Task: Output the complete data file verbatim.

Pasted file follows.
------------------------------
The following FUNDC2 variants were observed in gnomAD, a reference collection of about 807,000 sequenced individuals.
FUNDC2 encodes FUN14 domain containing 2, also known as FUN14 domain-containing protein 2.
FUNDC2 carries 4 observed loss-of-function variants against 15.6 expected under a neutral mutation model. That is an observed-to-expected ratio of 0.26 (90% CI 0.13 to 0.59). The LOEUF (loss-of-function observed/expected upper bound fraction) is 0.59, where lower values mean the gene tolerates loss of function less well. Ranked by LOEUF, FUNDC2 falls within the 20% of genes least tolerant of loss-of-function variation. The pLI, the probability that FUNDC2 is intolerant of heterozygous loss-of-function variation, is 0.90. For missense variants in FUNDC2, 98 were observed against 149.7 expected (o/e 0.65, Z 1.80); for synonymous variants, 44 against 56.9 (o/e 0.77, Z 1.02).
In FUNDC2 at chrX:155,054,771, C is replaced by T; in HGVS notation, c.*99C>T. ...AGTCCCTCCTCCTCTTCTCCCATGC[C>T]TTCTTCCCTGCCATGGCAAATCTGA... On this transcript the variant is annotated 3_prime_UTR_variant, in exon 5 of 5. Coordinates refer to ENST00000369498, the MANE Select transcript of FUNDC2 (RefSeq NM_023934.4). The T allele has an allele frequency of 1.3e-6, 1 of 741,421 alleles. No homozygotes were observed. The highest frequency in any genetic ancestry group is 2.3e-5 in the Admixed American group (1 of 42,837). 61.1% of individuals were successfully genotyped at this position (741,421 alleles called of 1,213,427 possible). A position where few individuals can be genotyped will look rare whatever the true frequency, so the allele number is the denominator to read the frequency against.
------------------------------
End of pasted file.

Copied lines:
The following FUNDC2 variants were observed in gnomAD, a reference collection of about 807,000 sequenced individuals.
FUNDC2 encodes FUN14 domain containing 2, also known as FUN14 domain-containing protein 2.
FUNDC2 carries 4 observed loss-of-function variants against 15.6 expected under a neutral mutation model. That is an observed-to-expected ratio of 0.26 (90% CI 0.13 to 0.59). The LOEUF (loss-of-function observed/expected upper bound fraction) is 0.59, where lower values mean the gene tolerates loss of function less well. Ranked by LOEUF, FUNDC2 falls within the 20% of genes least tolerant of loss-of-function variation. The pLI, the probability that FUNDC2 is intolerant of heterozygous loss-of-function variation, is 0.90. For missense variants in FUNDC2, 98 were observed against 149.7 expected (o/e 0.65, Z 1.80); for synonymous variants, 44 against 56.9 (o/e 0.77, Z 1.02).
In FUNDC2 at chrX:155,054,771, C is replaced by T; in HGVS notation, c.*99C>T. ...AGTCCCTCCTCCTCTTCTCCCATGC[C>T]TTCTTCCCTGCCATGGCAAATCTGA... On this transcript the variant is annotated 3_prime_UTR_variant, in exon 5 of 5. Coordinates refer to ENST00000369498, the MANE Select transcript of FUNDC2 (RefSeq NM_023934.4). The T allele has an allele frequency of 1.3e-6, 1 of 741,421 alleles. No homozygotes were observed. The highest frequency in any genetic ancestry group is 2.3e-5 in the Admixed American group (1 of 42,837). 61.1% of individuals were successfully genotyped at this position (741,421 alleles called of 1,213,427 possible). A position where few individuals can be genotyped will look rare whatever the true frequency, so the allele number is the denominator to read the frequency against.